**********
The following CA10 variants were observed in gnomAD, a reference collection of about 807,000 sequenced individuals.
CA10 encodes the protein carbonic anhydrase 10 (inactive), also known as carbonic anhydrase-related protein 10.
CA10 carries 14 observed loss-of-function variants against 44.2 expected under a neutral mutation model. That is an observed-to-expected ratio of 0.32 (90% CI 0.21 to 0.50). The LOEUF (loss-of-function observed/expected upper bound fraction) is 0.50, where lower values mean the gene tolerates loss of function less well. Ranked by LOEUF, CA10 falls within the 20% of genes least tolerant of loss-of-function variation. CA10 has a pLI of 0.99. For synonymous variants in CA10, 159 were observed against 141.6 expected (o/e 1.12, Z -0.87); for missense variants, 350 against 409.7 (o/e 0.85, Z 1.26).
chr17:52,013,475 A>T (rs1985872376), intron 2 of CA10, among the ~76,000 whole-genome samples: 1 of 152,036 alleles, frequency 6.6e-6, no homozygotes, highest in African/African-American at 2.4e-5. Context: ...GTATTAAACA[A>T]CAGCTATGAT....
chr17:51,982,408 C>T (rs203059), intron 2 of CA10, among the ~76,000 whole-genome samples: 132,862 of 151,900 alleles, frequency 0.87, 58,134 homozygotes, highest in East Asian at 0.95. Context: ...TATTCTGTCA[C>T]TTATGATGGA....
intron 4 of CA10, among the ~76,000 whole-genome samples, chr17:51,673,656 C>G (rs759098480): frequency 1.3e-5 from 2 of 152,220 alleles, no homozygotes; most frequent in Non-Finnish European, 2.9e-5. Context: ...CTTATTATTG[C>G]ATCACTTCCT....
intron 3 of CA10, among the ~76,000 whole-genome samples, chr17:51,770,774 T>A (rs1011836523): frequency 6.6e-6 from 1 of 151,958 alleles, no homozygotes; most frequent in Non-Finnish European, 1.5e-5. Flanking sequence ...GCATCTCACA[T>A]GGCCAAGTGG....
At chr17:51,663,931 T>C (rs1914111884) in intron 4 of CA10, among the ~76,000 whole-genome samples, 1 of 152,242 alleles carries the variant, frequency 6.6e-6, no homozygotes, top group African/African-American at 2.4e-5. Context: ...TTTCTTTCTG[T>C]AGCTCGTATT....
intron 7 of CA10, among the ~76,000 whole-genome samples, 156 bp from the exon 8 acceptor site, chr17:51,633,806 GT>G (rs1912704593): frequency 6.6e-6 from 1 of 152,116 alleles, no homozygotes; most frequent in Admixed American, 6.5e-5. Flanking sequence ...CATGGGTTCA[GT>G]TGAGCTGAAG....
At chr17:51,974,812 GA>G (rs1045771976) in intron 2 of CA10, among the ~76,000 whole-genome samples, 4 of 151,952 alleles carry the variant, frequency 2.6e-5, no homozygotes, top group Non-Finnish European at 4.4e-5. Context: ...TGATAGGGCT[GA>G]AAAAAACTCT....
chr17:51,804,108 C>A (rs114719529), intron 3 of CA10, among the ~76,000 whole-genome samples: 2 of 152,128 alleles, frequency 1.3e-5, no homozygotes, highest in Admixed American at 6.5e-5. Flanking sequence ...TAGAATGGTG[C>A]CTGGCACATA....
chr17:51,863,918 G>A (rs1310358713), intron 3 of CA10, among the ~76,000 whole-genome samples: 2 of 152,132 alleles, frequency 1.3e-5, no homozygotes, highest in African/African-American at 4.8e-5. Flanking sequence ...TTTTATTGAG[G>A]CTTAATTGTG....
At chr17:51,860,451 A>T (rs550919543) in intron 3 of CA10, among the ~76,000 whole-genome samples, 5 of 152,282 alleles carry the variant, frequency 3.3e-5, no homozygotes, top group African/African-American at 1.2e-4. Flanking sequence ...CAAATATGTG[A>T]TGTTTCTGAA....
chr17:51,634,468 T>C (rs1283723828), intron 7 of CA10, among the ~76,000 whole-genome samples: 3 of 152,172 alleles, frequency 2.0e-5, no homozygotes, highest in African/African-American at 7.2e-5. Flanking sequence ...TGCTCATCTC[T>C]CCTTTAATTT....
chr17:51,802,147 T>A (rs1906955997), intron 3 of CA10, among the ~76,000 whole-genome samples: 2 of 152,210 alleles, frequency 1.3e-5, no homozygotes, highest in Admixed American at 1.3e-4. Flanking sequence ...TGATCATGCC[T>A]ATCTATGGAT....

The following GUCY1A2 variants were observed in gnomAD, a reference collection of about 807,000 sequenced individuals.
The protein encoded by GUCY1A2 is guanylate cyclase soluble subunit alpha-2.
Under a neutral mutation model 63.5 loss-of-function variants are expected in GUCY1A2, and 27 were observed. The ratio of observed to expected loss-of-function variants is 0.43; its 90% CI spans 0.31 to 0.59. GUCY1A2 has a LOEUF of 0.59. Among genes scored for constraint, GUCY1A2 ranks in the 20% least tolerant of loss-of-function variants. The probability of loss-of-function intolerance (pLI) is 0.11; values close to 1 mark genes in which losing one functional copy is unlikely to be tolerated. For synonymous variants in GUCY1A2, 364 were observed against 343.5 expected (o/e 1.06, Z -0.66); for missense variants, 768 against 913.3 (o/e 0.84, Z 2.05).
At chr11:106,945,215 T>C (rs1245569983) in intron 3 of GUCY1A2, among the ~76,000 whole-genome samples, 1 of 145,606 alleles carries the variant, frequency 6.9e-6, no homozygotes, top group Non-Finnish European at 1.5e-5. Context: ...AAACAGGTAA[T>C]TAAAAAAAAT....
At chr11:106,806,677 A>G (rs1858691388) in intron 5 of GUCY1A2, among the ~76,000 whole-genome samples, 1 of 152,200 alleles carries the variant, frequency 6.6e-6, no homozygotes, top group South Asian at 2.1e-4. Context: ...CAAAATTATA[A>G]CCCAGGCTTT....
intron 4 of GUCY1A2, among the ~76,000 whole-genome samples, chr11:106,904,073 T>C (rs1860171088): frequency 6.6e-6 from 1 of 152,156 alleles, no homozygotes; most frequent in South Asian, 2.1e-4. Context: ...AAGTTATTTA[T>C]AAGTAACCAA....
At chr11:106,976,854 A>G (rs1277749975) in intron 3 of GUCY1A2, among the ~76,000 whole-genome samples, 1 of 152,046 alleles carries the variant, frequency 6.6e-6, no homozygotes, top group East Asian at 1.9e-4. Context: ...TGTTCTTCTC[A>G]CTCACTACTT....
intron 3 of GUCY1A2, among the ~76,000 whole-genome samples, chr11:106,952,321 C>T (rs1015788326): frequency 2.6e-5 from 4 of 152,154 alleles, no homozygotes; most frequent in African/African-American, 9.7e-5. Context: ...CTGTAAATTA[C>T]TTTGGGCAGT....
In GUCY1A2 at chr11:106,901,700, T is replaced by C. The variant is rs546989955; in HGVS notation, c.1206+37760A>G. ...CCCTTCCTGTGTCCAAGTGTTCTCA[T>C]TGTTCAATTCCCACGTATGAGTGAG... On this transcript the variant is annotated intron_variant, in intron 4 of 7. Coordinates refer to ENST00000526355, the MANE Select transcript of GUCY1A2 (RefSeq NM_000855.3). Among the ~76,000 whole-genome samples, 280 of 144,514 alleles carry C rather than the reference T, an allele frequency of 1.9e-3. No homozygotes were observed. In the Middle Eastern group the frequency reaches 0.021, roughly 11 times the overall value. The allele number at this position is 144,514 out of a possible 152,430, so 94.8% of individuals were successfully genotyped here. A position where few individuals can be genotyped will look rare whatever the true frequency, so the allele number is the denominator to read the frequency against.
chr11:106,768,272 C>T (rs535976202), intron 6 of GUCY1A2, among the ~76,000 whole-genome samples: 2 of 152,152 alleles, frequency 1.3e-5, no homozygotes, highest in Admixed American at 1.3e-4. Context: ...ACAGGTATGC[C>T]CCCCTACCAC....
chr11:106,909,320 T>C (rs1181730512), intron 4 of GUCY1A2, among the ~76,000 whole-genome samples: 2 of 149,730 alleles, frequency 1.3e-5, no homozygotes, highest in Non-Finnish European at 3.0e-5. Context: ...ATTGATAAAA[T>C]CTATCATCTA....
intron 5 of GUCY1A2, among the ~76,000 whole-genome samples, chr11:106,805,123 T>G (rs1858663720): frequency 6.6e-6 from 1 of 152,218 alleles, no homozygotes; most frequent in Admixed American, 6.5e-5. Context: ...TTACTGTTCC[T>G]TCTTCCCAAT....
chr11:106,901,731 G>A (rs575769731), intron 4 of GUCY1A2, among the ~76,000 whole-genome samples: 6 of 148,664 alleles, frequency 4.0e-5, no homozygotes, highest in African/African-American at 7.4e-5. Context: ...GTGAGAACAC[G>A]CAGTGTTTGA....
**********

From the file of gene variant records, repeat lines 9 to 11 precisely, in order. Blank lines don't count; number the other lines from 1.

intron 7 of CA10, among the ~76,000 whole-genome samples, 156 bp from the exon 8 acceptor site, chr17:51,633,806 GT>G (rs1912704593): frequency 6.6e-6 from 1 of 152,116 alleles, no homozygotes; most frequent in Admixed American, 6.5e-5. Flanking sequence ...CATGGGTTCA[GT>G]TGAGCTGAAG....
At chr17:51,974,812 GA>G (rs1045771976) in intron 2 of CA10, among the ~76,000 whole-genome samples, 4 of 151,952 alleles carry the variant, frequency 2.6e-5, no homozygotes, top group Non-Finnish European at 4.4e-5. Context: ...TGATAGGGCT[GA>G]AAAAAACTCT....
chr17:51,804,108 C>A (rs114719529), intron 3 of CA10, among the ~76,000 whole-genome samples: 2 of 152,128 alleles, frequency 1.3e-5, no homozygotes, highest in Admixed American at 6.5e-5. Flanking sequence ...TAGAATGGTG[C>A]CTGGCACATA....